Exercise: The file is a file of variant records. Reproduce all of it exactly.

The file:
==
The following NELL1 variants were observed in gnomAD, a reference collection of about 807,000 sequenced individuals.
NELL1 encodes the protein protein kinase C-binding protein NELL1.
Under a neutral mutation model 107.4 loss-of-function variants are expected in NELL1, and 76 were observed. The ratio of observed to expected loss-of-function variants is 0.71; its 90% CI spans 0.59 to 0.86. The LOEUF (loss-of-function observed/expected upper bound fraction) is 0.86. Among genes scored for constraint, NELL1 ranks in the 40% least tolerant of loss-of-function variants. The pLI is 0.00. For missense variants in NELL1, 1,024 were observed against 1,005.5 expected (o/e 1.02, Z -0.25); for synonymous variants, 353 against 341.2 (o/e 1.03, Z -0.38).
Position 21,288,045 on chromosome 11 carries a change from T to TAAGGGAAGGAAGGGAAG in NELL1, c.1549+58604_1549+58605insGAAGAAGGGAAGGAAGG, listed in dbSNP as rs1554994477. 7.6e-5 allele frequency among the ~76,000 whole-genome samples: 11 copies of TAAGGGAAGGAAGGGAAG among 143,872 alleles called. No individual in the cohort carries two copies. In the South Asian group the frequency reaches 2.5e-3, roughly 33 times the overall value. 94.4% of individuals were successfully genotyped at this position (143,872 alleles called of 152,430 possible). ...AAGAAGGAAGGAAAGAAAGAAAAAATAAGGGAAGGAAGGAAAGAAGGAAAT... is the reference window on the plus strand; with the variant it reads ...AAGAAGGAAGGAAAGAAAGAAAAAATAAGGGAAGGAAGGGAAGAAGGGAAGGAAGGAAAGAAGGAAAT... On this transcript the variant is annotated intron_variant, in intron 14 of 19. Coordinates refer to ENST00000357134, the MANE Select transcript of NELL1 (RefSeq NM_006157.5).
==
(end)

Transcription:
The following NELL1 variants were observed in gnomAD, a reference collection of about 807,000 sequenced individuals.
NELL1 encodes the protein protein kinase C-binding protein NELL1.
Under a neutral mutation model 107.4 loss-of-function variants are expected in NELL1, and 76 were observed. The ratio of observed to expected loss-of-function variants is 0.71; its 90% CI spans 0.59 to 0.86. The LOEUF (loss-of-function observed/expected upper bound fraction) is 0.86. Among genes scored for constraint, NELL1 ranks in the 40% least tolerant of loss-of-function variants. The pLI is 0.00. For missense variants in NELL1, 1,024 were observed against 1,005.5 expected (o/e 1.02, Z -0.25); for synonymous variants, 353 against 341.2 (o/e 1.03, Z -0.38).
Position 21,288,045 on chromosome 11 carries a change from T to TAAGGGAAGGAAGGGAAG in NELL1, c.1549+58604_1549+58605insGAAGAAGGGAAGGAAGG, listed in dbSNP as rs1554994477. 7.6e-5 allele frequency among the ~76,000 whole-genome samples: 11 copies of TAAGGGAAGGAAGGGAAG among 143,872 alleles called. No individual in the cohort carries two copies. In the South Asian group the frequency reaches 2.5e-3, roughly 33 times the overall value. 94.4% of individuals were successfully genotyped at this position (143,872 alleles called of 152,430 possible). ...AAGAAGGAAGGAAAGAAAGAAAAAATAAGGGAAGGAAGGAAAGAAGGAAAT... is the reference window on the plus strand; with the variant it reads ...AAGAAGGAAGGAAAGAAAGAAAAAATAAGGGAAGGAAGGGAAGAAGGGAAGGAAGGAAAGAAGGAAAT... On this transcript the variant is annotated intron_variant, in intron 14 of 19. Coordinates refer to ENST00000357134, the MANE Select transcript of NELL1 (RefSeq NM_006157.5).